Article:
When considering whether or not to enter the bidding, experience has shown that distribution is more important than high cards. That is, you should be more concerned about the shape of your hand than the exact number of points you have.

Be conservative with:

Balanced hands, especially with 4-3-3-3 and 5-3-3-2 shape.
Poor texture in your trump suit, especially when vulnerable.
Secondary honors (king, queen or jack) in the enemy suit.

11.
S K J 8 7
H A 10 2
D 3 2
C 9 7 6 2
TableS A 6 4
H K 5 4 3
D Q 9 4
C K Q 3

West

Pass
2 S
North
1 D
Pass
3 D
East
Pass
Dbl
Pass
South
2 D
Pass

Note the pass over 1 D with the dubious D Q and flat shape. Later, the reopening double is a routine balancing tactic. You and partner should sell out to 3 D.

Be aggressive with:

A singleton or void in the enemy suit or extreme shape.
Good texture in your trump suit.
No secondary honors in the enemy suit.

12.
S Q 8 4
H A 9 7 4
D K 8 6 4
C 9 3
TableS K 10 9 7 6
H 3
D A 9 7 3
C 8 4 2

West

3 S
North
1 H
Pass
East
1 S
Pass
South
3 H

The aggressive 1 S bid is warranted by the singleton heart and spade texture. This allows partner to compete to 3 S. If the opponents bid 4 H they will likely be set.

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Preempt the Maximum

When making a weak jump overcall — just as when opening with a preemptive bid — it pays to bid as high as you intend to go in a single bid. Daring bids are often rewarded by stealing the contract or pushing the enemy into the wrong contract. Even experts cannot contend with preempts with any certainty.

To determine how high to bid you should estimate your playing tricks. It pays to think positive; e.g., with a suit holding of K-Q-10-x-x-x-x, I would figure six winners. Then:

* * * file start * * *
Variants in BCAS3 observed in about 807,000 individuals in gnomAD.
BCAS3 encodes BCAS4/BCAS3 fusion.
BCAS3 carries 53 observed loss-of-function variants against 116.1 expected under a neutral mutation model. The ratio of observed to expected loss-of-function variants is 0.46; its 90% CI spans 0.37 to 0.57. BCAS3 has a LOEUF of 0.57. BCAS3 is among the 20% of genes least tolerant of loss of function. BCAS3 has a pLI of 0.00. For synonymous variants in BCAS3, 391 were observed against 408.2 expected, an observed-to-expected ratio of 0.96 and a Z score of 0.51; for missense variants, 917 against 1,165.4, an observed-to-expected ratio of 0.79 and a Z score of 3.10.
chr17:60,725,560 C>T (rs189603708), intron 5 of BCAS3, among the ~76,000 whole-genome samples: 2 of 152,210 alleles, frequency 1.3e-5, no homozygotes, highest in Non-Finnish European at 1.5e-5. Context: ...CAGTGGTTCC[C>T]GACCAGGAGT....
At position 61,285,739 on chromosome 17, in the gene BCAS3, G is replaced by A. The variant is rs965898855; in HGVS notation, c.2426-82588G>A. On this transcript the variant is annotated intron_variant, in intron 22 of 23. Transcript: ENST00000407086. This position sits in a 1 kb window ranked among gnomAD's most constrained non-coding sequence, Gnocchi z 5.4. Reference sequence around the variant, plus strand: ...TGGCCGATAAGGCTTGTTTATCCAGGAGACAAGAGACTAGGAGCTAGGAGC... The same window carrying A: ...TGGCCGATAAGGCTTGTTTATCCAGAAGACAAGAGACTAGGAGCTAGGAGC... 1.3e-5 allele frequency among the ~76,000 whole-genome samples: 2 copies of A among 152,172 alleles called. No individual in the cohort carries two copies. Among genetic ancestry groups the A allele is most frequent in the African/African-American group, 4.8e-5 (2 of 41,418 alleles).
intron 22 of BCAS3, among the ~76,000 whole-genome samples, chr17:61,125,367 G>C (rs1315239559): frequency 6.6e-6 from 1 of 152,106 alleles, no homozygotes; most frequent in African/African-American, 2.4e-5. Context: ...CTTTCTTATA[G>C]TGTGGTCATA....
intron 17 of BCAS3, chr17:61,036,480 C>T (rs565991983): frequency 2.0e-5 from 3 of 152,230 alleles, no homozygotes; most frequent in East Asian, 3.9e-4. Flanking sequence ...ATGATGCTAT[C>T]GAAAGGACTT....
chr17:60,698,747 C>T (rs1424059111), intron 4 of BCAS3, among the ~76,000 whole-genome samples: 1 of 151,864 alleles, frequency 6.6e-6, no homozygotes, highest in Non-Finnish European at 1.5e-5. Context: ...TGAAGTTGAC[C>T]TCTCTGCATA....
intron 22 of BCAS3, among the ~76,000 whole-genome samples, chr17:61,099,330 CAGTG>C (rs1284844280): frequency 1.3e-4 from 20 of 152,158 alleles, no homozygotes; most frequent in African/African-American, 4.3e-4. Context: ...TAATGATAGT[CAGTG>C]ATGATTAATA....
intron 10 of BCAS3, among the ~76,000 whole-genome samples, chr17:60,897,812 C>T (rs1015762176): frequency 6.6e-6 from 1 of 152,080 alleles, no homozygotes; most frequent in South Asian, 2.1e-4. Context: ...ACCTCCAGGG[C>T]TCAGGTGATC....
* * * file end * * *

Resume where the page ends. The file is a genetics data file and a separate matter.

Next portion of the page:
Overbid by 2 tricks at unfavorable vulnerability (you are vulnerable, the opponents are not).
Overbid by 3 tricks at equal vulnerability (neither side or both sides vulnerable).
Overbid by 4 tricks at favorable vulnerability (the opponents are vulnerable, you are not).

13.
S K 3
H A 8 6 4
D A 7 5
C 9 8 5 2
TableS Q J 10 9 8 4
H 2
D 10 8 6 2
C 4 3

West
North
1 C
East
3 S
South
N-S Vul

Your hand is worth five playing tricks — four in spades and one likely in diamonds — so at favorable vulnerability bid for nine (5 + 4) to make it as difficult as possible. Partner should pass 3 S since his three tricks only add to eight.

14.
S A 8
H Q 10 9 7
D K 8 7 3 2
C 9 2
TableS 4 3 2
H 8 3
D 4
C A Q J 10 8 7 4

West
North
1 D
East
4 C
South
4 H
None Vul

The daring 4 C bid (equal vulnerability) causes the opponents to go wrong (they belong in spades, not hearts). Note how easier it would be if you bid only 3 C.

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© 2013 Richard Pavlicek